Magnum: The Compilation (Ubisoft) Review | Amiga Power - Everygamegoing

Amiga Power

Magnum: The Compilation
By Ubisoft
Amiga 500

Published in Amiga Power #5

Magnum: The Compilation

So what have we here... Well, quite simply five very different action titles bundled together by France's finest bundlers of games that have got so little to do with each other they can't think of a decent, all-enveloping title for the compilation...

RVF Honda

Jolly motorcycle racer with a nice line in gear changing and sound quality, originally published on MicroProse's short-lived MicroStyle label. Still manages to out-manoeuvre many of the two-wheeled coin-op conversions you might have been tempted by, and subsequently proves to be enormous fun - better looking than Super Hang-On, more playable than Team Suzuki, it does everything quite well without really being a major standout in any particular area.

Pro Tennis Tour

Direct from the Ubi Soft stable, it's another plus sign for the compilation - oodles of gameplay and an interesting 3D presentation make it perhaps the best tennis game currently available.

The 'tour' takes you around the world playing top seeded tennis stars until you're good enough to make it into the elite, and most will find it challenging enough to be worth coming back to again and again.

Nicely timed for a re-release too, just when we're still glowing from an over-exposure of tennis games on the telly.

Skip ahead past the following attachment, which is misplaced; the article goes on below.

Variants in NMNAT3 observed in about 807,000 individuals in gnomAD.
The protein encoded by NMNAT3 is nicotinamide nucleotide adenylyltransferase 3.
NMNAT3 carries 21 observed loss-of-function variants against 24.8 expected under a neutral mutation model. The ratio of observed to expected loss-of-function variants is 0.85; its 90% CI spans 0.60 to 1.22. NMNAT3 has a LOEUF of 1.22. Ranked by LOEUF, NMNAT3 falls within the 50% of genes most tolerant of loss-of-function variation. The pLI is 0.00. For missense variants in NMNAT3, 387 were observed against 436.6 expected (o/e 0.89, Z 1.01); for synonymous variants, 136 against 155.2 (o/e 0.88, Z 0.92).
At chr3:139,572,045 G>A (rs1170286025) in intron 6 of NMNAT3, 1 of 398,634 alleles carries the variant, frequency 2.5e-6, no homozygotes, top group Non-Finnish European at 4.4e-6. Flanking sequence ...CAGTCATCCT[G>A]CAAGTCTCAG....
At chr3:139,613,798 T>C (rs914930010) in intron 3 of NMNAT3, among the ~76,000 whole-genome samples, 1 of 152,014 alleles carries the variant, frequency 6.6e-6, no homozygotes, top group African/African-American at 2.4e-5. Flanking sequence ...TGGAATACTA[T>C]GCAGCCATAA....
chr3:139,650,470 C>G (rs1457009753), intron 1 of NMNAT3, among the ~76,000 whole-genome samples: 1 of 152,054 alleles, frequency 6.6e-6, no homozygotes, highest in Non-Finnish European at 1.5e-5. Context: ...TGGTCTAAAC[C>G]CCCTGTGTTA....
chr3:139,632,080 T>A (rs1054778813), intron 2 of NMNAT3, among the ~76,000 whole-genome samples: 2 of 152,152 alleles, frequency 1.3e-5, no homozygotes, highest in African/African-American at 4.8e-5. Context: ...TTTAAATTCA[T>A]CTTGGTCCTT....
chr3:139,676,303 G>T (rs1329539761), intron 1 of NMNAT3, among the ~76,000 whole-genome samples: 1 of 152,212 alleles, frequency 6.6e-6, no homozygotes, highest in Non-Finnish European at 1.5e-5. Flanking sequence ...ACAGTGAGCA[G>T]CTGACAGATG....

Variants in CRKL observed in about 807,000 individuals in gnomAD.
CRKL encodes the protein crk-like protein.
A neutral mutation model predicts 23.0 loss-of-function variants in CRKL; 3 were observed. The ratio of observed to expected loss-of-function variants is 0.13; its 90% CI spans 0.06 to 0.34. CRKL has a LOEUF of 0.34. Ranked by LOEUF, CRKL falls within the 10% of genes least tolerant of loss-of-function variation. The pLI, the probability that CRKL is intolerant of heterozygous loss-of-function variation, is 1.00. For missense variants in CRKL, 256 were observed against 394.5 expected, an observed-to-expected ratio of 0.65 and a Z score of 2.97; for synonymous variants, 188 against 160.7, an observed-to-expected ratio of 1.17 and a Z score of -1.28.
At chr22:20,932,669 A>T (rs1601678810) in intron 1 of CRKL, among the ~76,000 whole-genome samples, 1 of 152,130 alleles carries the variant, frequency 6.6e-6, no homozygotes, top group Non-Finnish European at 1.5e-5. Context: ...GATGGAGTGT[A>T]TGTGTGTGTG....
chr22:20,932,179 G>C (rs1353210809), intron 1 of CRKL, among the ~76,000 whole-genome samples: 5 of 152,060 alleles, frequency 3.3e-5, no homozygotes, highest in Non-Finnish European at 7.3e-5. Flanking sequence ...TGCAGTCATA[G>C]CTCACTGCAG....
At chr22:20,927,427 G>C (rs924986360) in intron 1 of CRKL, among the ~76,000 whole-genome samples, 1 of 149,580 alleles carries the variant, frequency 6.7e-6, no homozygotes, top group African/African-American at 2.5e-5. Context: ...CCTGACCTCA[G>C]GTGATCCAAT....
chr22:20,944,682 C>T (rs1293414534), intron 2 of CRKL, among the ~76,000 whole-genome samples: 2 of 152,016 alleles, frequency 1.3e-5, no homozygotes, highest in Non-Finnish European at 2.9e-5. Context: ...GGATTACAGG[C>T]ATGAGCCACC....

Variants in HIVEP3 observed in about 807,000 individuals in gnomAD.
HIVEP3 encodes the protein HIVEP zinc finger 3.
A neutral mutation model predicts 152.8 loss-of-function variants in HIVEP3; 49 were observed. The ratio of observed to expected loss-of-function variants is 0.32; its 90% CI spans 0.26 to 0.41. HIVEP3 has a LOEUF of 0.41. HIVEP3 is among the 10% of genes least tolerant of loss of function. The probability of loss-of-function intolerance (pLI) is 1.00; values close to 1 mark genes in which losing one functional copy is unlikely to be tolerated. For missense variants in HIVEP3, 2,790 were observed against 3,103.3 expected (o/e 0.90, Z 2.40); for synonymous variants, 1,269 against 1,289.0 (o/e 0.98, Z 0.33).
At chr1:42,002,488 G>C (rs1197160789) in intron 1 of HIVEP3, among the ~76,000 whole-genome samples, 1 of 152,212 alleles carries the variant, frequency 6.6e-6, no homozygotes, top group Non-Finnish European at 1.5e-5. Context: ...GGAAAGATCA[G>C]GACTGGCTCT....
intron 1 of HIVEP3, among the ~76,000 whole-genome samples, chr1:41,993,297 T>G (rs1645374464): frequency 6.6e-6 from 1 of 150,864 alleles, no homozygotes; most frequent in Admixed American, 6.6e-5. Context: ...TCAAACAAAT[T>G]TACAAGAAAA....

After The War

Things start to get a bit ropier around this point. This Dinamic-originated, post-apocalyptic beat-'em-up, set in and around familiar inner-city mean streets, looks good but proves rather too simple to make any real impression. There are plenty of fighting manoeuvres and all the usual devil dogs, punks and robots to see to too - one bit sees you touting giant guns in a scene very reminicent of Aliens - but really nothing out of the ordinary. Safe and entertaining enough to justify its existence in this package, but that's about as far as it goes.

Oriental Games

Another bovver boy game but this time a more sophisticated nature. This, the last Firebird product ever released, contains a whole bunch of martial arts - kendo (the one with sticks), karate and sumo, among others - set in some kind of Far Easy Olympics stadia, and as such score points for novelty value, at least. Joystick movements take some getting used to, and while it suffers from typical beat-'em-up sameyness, a fairly agreeable (if rather limited) experience nonetheless.


Wizards and warriors get it on in underground caverns and ancient castles. There's lots to do in this sideways-scrolling arcade fantasy, and plenty to see, but all too samey for most of us.

Graphics are a little out of the ordinary, but gameplay is most definitely not - in fact, much of it seems suspiciously heavily based on US Gold's Black Tiger coin-op conversion.

The Bottom Line

A pretty decent collection, and at a nice price (just over a fiver a game), even if it lacks any real stand out products.

It's a personal thing but I find these varied, themeless compilations actually more satisfactory than straight thematic attempts - at least you're not being asked to play umpteen variations on bascailly the same gameplay all the time.

Colin Campbell

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